Their bumpy start only gets bumpier the more time they spend together. But when an opportunity presents itself for Scottie to get back at her toxic ex (and climb her school’s social ladder at the same time), she bribes Irene into playing along. Hijinks, heartbreak, and gay fake-dating scheme for the ages. From author Kelly Quindlen comes a new laugh-out-loud romp through the ups and downs of teen romance.

April 27th

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The Music of Bees by Eileen Garvin! I have an ARC of this one so expect a review sometime around the release date.

Synopsis: from Goodreads

A heartwarming debut novel for readers of Eleanor Oliphant Is Completely Fine, following three lonely strangers in a rural Oregon town, each working through grief and life’s curveballs, who are brought together by happenstance on a local honeybee farm where they find surprising friendship, healing–and maybe even a second chance–just when they least expect it.

Forty-four-year-old Alice Holtzman is stuck in a dead-end job, bereft of family, and now reeling from the unexpected death of her husband. Alice has begun having panic attacks whenever she thinks about how her life hasn’t turned out the way she dreamed. Even the beloved honeybees she raises in her spare time aren’t helping her feel better these days.

In the grip of a panic attack, she nearly collides with Jake–a troubled, paraplegic teenager with the tallest mohawk in Hood River County–while carrying 120,000 honeybees in the back of her pickup truck. Charmed by Jake’s sincere interest in her bees and seeking to rescue him from his toxic home life, Alice surprises herself by inviting Jake to her farm.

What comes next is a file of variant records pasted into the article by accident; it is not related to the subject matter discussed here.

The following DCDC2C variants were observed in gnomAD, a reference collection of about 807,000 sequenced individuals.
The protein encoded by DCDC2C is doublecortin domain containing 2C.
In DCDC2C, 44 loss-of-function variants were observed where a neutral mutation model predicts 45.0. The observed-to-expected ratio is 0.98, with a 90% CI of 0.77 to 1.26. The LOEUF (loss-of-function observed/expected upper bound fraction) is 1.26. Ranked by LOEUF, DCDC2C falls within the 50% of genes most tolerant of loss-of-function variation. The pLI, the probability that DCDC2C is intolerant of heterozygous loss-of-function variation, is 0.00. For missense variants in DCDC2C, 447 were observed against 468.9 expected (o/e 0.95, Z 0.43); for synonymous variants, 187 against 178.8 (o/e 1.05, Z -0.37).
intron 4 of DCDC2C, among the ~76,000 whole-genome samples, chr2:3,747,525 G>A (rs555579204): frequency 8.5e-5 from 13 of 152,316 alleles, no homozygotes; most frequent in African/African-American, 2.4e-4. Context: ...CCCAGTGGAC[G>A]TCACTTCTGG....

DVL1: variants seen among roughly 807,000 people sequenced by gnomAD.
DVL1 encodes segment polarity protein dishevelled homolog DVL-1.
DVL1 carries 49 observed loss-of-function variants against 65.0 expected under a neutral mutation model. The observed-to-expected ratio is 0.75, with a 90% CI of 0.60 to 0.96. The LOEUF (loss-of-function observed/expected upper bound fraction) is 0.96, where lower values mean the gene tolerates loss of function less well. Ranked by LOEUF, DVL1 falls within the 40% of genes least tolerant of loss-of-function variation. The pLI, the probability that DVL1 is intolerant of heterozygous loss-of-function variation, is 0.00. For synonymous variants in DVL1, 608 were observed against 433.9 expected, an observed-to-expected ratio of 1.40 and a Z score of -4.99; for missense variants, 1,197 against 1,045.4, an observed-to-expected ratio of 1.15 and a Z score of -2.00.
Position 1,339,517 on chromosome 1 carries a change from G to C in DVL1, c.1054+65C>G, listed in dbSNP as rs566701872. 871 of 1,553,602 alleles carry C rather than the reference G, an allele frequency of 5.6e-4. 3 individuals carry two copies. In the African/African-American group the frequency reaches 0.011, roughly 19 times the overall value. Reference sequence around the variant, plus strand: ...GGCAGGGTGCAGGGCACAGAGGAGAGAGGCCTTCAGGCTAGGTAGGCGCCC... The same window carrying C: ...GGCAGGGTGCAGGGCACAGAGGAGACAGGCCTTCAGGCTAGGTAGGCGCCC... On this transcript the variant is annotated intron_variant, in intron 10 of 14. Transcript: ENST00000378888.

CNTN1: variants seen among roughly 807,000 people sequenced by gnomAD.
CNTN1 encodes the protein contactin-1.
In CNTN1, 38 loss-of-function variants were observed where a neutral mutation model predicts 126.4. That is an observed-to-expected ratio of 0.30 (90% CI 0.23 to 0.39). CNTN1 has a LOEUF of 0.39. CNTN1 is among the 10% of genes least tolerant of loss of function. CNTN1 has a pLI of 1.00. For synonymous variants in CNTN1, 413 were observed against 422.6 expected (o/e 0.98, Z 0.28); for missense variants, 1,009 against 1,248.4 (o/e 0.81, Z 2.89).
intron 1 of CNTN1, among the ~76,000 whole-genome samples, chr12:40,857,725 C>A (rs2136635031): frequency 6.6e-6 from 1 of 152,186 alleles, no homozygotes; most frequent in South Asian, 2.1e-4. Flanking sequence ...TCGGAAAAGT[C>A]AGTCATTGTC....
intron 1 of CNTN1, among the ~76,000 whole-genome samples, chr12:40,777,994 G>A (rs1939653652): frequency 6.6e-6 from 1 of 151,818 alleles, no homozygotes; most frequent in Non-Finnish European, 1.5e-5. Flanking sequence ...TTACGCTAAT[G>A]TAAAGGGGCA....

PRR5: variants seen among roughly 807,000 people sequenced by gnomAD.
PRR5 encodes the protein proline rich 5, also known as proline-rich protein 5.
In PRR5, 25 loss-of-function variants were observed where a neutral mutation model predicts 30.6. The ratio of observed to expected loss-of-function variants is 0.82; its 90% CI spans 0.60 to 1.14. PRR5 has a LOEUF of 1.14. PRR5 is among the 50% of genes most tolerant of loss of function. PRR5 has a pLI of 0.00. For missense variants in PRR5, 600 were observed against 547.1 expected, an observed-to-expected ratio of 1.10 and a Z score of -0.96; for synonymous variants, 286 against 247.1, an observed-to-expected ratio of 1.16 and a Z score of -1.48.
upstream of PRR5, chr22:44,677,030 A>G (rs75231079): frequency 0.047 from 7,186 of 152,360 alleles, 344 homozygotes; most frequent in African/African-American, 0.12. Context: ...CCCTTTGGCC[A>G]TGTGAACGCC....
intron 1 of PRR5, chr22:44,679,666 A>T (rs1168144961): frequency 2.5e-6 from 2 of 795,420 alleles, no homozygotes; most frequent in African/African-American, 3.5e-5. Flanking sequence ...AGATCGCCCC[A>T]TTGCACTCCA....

And then there’s Harry, a twenty-four-year-old with debilitating social anxiety who is desperate for work. When he applies to Alice’s ad for part-time farm help, he’s shocked to find himself hired. As an unexpected friendship blossoms among Alice, Jake, and Harry, a nefarious pesticide company moves to town, threatening the local honeybee population and illuminating deep-seated corruption in the community. The unlikely trio must unite for the sake of the bees–and in the process, they just might forge a new future for themselves.

Beautifully moving, warm, and uplifting, The Music of Bees is about the power of friendship, compassion in the face of loss, and finding the courage to start over (at any age) when things don’t turn out the way you expect.


Dial A for Aunties by Jesse Q. Sutanto!

Synopsis: from Goodreads

A hilariously quirky novel that is equal parts murder mystery, rom-com, and a celebration of mothers and daughters as well as a deep dive into Chinese-Indonesian culture, by debut author Jesse Q. Sutanto.

1 (accidental) murder
2 thousand wedding guests
3 (maybe) cursed generations
4 meddling Asian aunties to the rescue!